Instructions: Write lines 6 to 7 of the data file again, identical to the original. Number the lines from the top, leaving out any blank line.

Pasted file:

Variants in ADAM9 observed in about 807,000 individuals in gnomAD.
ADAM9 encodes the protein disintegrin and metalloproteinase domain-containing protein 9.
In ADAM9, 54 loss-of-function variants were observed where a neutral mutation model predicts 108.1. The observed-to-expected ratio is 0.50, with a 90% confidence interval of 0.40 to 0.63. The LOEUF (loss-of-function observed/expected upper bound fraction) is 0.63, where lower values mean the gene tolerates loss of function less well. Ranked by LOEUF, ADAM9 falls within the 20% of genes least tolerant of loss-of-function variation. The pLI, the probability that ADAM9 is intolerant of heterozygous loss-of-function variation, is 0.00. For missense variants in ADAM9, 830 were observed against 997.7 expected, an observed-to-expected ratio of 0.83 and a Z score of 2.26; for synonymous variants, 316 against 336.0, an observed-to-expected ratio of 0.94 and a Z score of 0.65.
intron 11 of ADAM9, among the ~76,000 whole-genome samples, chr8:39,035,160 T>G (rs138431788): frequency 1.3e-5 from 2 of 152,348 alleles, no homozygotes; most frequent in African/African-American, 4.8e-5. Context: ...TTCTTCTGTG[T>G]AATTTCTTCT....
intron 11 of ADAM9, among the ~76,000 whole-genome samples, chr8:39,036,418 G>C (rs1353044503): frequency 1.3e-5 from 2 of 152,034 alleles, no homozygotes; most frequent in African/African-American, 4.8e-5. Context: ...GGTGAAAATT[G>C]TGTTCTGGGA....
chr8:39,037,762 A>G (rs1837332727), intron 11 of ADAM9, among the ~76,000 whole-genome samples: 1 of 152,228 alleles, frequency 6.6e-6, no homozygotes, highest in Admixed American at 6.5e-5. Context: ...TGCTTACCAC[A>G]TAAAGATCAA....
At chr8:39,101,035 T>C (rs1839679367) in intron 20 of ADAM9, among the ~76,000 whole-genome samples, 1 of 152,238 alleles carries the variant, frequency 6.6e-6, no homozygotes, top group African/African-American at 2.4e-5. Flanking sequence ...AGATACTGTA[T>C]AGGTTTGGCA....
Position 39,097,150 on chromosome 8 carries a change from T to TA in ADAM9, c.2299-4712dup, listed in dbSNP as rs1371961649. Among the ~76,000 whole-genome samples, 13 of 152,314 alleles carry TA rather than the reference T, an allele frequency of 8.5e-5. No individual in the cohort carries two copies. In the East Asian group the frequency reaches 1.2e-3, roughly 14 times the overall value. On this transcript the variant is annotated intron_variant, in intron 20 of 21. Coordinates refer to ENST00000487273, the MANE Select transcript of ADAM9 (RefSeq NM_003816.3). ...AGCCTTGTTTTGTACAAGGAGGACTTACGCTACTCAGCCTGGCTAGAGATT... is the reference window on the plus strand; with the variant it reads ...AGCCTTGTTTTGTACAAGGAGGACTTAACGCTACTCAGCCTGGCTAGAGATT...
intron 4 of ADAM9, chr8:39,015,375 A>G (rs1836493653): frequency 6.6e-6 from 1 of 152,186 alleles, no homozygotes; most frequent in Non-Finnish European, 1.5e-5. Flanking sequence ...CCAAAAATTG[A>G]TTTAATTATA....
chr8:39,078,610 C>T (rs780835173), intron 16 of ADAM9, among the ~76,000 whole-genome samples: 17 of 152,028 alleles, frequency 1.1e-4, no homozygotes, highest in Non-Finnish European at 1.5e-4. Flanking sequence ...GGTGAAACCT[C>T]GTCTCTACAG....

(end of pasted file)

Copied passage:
chr8:39,037,762 A>G (rs1837332727), intron 11 of ADAM9, among the ~76,000 whole-genome samples: 1 of 152,228 alleles, frequency 6.6e-6, no homozygotes, highest in Admixed American at 6.5e-5. Context: ...TGCTTACCAC[A>G]TAAAGATCAA....
At chr8:39,101,035 T>C (rs1839679367) in intron 20 of ADAM9, among the ~76,000 whole-genome samples, 1 of 152,238 alleles carries the variant, frequency 6.6e-6, no homozygotes, top group African/African-American at 2.4e-5. Flanking sequence ...AGATACTGTA[T>C]AGGTTTGGCA....